Processing and evaluation of bioactive coatings on polymeric implants

Authors


Correspondence to: A. Rabiei; e-mail: arabiei@ncsu.edu

Abstract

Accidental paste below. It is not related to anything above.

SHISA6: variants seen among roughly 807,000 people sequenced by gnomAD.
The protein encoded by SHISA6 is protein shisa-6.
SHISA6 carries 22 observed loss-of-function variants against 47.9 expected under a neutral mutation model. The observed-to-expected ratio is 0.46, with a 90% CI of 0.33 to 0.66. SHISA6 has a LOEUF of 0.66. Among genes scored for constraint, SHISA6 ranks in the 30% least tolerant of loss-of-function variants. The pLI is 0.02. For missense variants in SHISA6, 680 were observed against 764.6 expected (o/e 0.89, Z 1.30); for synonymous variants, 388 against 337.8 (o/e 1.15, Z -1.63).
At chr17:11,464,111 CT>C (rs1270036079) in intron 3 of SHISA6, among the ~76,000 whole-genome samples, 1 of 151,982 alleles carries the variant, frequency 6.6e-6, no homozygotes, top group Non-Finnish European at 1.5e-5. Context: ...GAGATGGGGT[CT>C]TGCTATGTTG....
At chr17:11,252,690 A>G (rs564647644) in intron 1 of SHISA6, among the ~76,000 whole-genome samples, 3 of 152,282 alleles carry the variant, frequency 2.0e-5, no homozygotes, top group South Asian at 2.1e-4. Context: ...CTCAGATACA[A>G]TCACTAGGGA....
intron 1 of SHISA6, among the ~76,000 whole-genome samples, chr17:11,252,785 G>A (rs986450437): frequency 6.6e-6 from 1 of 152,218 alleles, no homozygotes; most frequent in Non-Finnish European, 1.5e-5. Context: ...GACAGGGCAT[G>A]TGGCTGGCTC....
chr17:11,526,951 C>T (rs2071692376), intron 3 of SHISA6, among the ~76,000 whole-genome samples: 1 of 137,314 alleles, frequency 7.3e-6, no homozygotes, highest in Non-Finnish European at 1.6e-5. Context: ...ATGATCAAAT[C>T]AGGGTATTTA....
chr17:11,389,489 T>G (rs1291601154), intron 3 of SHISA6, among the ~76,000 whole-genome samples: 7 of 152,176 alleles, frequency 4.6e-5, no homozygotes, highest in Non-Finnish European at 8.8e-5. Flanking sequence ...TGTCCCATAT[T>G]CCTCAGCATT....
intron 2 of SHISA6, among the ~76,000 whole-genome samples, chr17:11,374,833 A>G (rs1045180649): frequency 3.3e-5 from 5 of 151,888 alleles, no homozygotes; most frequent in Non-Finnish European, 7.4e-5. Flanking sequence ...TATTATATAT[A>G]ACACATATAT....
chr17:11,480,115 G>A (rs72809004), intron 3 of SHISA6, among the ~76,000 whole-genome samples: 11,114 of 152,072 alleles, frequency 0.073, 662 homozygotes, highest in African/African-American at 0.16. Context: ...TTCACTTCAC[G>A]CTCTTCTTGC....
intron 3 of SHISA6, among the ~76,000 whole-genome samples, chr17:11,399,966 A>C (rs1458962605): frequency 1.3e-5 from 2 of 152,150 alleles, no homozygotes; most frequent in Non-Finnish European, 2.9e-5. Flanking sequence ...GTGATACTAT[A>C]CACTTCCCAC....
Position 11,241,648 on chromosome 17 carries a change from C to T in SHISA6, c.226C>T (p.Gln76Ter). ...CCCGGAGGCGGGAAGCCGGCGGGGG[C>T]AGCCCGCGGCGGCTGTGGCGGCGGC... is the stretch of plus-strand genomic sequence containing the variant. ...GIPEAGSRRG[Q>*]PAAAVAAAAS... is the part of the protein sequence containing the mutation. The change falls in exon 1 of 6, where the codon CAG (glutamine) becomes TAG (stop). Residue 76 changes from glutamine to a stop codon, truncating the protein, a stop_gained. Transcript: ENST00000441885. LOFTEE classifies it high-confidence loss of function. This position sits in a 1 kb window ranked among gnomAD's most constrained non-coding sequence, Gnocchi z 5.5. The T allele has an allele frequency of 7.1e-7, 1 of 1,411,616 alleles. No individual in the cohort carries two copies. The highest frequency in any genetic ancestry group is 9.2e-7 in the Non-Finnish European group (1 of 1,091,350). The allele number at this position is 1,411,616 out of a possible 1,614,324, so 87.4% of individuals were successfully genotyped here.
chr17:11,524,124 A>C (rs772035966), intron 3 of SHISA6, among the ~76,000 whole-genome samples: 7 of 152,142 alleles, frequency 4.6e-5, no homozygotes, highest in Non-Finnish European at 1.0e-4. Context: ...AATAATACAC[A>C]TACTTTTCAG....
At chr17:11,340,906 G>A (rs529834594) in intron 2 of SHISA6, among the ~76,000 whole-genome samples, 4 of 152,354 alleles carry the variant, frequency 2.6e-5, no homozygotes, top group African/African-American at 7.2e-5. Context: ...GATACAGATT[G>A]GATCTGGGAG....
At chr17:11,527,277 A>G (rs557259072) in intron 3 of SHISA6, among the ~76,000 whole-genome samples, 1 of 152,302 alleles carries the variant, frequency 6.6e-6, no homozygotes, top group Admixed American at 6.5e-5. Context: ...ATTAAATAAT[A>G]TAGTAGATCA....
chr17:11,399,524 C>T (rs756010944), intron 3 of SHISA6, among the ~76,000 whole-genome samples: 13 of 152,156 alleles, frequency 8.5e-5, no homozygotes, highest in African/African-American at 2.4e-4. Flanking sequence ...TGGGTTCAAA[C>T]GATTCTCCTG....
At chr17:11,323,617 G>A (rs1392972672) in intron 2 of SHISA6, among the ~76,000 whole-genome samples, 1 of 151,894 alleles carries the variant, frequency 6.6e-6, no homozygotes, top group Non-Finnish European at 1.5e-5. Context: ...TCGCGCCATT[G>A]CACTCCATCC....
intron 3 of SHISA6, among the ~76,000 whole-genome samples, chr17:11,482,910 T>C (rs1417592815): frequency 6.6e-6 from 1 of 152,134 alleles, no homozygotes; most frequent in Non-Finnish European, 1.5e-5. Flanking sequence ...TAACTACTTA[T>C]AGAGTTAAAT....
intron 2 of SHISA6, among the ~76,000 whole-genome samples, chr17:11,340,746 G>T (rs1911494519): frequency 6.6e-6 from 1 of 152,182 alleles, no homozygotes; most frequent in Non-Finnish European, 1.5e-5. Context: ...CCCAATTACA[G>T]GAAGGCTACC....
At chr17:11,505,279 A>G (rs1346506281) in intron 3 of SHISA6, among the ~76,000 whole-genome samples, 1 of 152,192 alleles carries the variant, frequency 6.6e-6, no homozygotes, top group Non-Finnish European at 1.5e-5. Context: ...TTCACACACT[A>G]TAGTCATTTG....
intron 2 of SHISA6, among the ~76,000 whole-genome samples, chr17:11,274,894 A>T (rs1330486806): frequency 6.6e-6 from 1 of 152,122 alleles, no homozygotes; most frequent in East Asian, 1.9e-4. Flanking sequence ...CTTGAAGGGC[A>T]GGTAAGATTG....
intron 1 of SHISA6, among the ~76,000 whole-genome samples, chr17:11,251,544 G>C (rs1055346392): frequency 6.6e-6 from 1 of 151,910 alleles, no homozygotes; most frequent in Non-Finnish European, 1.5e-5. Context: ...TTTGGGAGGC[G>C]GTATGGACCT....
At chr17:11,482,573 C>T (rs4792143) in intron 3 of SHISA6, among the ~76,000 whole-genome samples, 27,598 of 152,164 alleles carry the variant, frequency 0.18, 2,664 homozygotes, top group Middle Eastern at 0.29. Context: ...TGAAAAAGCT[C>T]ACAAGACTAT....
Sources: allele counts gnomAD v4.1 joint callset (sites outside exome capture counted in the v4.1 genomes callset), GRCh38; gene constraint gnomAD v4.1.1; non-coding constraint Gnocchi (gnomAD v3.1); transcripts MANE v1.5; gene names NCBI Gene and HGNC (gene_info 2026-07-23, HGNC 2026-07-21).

Polyetheretherketone (PEEK) is a high-performance polymer with advantages over metallic biomaterials for application in spinal implants. In this study, hydroxyapatite (HA) coatings were deposited onto PEEK substrates using radio-frequency magnetron sputtering for the purpose of improving bioactivity. An intermediate coating layer of yttria-stabilized zirconia (YSZ) was first deposited onto the PEEK substrates to provide heat shielding during subsequent post-deposition heat treatment to prevent degradation of PEEK substrates and coating/substrate interface. Plasma activation of the PEEK substrate surfaces before deposition resulted in a significant increase in coating adhesion strength. Post-deposition heat treatments of microwave and hydrothermal annealing were studied with the goal of forming crystalline HA without the use of high temperatures required in conventional annealing. Microstructural and compositional analyses by scanning electron microscopy (SEM) and X-ray diffraction revealed that the YSZ layer exhibited a crystalline structure as-deposited, with columnar grains oriented along the growth direction, whereas the HA layer was shown to be amorphous as-deposited. After microwave annealing, the HA coating exhibited a columnar crystalline microstructure, similar to that of the underlying YSZ crystalline layer; XRD analysis confirmed a crystalline HA phase in the coating. It is suggested that the existence of the crystalline YSZ layer aids in the formation of the HA layer upon heating, possibly lowering the activation energy for crystallization by providing nucleation sites for HA grain formation. Cell culture tests showed a significant increase in initial cell attachment and growth on the microwave-annealed coatings, compared with uncoated PEEK and amorphous HA surfaces. © 2013 Wiley Periodicals, Inc. J Biomed Mater Res Part A: 101A: 2621–2629, 2013.

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